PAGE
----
The Summer of My Wheat Obsession – Part II
By Cam Mather
I’m obsessed with wheat. And combine harvesters. I feel like a 7-year-old that just got a brand new John Deere Tonka Combine Harvester toy and now I can’t put it down. You remember – being so excited about a new toy that you took it from the sandbox to the dinner table to the bathtub. Well, I don’t actually have a new toy but I just can’t stop thinking about combine harvesters. I’ve been a little obsessed about “wheat” this summer since I grew a patch of it and have been busy harvesting it and processing it. I’ve had a personal epiphany about what goes into a loaf of bread and I’m kind of terrified. And it’s all related to the Maconda oil well spill in the Gulf of Mexico.
Knowing that we are drilling for oil a mile and half below the surface of the water and then down another 3 miles below the ocean floor has pretty much convinced me that we’ve hit peak oil. What sense would it make otherwise? If there was easier oil to drill for, oil companies would be doing it. Meanwhile China is adding 9 million cars a year to their roads, and as they ramp up to 13 million more cars a year by 2015, we don’t have any extra oil for these vehicles. So oil is going to get really expensive. Which means that things like food, that depend on it are going to get really expensive too.
Growing my own grain has convinced me that a loaf of bread costing $2 is a miracle. When you realize the amount of energy that went into it, it’s astounding. It’s not just the natural gas based fertilizer or the diesel to plant it, it’s that combine harvester. That machine is a factory on wheels in a grain field. It cuts the grain, threshes it to remove the grain from the heads, takes the husk off, dries it if necessary, then separates the wheat grains from all the chaff which it blasts out the back. The grain is stored in the harvester until it is dumped into a big trailer later. Sometimes a farmer will pull the trailer beside the combine so it can unload the grain while it’s doing everything else.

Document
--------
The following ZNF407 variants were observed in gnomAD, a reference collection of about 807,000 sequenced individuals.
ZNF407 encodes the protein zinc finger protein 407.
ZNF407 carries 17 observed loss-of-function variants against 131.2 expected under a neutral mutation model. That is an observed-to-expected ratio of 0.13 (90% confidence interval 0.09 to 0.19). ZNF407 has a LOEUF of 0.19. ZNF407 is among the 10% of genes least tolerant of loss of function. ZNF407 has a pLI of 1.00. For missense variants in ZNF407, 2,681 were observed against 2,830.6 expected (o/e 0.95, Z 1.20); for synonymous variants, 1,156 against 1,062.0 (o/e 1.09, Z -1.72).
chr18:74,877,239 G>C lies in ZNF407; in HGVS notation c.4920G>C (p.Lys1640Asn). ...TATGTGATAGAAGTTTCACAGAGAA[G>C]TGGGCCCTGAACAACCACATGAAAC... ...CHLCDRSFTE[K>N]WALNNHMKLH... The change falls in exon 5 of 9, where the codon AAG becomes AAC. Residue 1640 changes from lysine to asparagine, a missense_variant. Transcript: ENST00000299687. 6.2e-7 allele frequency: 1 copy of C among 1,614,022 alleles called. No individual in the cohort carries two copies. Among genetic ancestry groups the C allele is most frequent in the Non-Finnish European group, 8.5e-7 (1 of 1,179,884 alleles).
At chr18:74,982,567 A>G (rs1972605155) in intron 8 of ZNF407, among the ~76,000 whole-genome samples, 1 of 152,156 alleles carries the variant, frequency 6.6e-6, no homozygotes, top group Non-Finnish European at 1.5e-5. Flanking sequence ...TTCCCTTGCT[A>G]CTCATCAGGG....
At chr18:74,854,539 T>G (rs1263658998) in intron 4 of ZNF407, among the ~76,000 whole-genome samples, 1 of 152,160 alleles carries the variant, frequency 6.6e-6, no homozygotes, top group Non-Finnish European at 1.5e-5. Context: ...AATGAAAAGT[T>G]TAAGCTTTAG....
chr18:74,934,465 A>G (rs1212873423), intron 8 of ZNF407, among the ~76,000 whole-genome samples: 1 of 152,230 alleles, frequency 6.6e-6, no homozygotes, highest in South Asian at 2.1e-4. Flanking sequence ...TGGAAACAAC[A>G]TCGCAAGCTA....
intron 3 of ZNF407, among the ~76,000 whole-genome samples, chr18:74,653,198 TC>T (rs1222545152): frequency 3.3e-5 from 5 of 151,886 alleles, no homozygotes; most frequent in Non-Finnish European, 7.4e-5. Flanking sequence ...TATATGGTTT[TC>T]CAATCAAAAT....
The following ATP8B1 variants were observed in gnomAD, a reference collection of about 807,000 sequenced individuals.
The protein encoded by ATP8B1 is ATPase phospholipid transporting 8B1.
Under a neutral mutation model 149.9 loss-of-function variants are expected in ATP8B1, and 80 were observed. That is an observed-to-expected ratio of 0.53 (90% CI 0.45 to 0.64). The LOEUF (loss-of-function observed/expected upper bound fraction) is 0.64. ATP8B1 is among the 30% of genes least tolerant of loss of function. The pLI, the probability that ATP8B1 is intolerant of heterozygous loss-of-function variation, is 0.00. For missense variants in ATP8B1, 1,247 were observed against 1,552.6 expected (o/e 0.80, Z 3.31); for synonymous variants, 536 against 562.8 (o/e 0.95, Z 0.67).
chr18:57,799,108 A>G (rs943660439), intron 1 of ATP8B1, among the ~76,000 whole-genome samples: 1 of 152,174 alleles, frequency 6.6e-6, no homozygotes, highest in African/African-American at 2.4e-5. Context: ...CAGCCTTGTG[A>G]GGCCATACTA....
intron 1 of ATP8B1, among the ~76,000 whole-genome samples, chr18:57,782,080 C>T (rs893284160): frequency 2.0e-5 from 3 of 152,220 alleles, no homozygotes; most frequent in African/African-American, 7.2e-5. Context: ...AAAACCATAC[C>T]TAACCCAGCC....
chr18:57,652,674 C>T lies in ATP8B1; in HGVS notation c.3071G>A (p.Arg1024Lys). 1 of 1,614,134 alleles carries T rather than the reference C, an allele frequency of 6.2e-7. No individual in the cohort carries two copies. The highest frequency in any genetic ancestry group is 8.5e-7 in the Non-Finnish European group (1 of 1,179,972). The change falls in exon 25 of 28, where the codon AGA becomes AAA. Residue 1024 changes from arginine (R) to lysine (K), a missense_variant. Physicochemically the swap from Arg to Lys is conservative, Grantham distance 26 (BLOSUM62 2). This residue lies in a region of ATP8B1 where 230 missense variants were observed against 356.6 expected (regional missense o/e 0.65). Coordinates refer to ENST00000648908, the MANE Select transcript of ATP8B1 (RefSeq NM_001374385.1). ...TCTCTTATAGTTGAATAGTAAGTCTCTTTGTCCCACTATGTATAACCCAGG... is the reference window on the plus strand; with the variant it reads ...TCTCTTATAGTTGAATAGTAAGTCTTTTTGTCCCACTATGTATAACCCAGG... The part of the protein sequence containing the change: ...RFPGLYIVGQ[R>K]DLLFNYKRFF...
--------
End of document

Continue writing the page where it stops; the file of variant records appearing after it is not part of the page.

Ever turned on the air conditioner in your car and notice the lights dim as energy is drawn from the motor to run that additional load? I can’t get over how many different activities a combine is doing simultaneously. And they can cost $500,000! In the movie “Into the Wild” the lead character spends some time driving a combine for a company that owns a number of combines and they travel across the southern U.S. harvesting grain. The volume of food these machines and farmers produce is wondrous.
In 2007 as the wheels went off the global economy and the price of oil skyrocketed to $147/barrel, the price of grain went through the roof too. This summer a brutal heat wave has caused Russian to curtail exports to keep production for domestic consumption. Other wheat exporting countries have had similar droughts, while the bread basket of Pakistan has been hit by record rain and floods. Canada’s bread basket had brutal rain this spring during planting season which will see yields way down.
This will all lead to higher prices and potential shortages in countries, especially those in the middle east, where all their grain has to be imported. Don’t count on your loaf of bread staying cheap for much longer. I know I appreciate every slice of bread that I eat, especially after my grain growing experiment.
I think a lot of people make the assumption that because I garden organically I don’t use oil. Well I don’t use a lot, but I own a rototiller. A farmer growing organically on a large scale has to use oil, especially to plow fields. There’s a lot of talk of “no-till”, but this isn’t practical for an organic farmer. An organic farmer needs to turn over the field after a crop is grown to destroy weeds and work compostable material back into the soil. They’ll all have to use a tractor to weed some crops as they’re growing.
I don’t own a tractor, but after I had harvested the grain I needed to rototill the area to prepare for next year. In most of the garden I weed all season, so rototilling is not a problem. But in my wheat patch the weeds had been growing since last fall and had this whole growing season to take root. So I had to rototill the patch a number of times, rototilling one direction, then the next and raking out the clumps of weeds and straw as I went. It was a crazy amount of work. If I had a tractor I would have just plowed it all over, but I don’t, so while my rototiller burned less gas than a tractor when it was running, it ran a lot longer than it usually does.
A simple loaf of bread in our society is as dense a product of fossil fuels as a plastic pop bottle. Sometimes Michelle and I will treat ourselves to an expensive loaf of high quality bread from a local independent bakery and I just love them. And after my “wheat” summer, I appreciate every single bite.
In one of my next posts, I’ll describe exactly how I went about processing my wheat crop.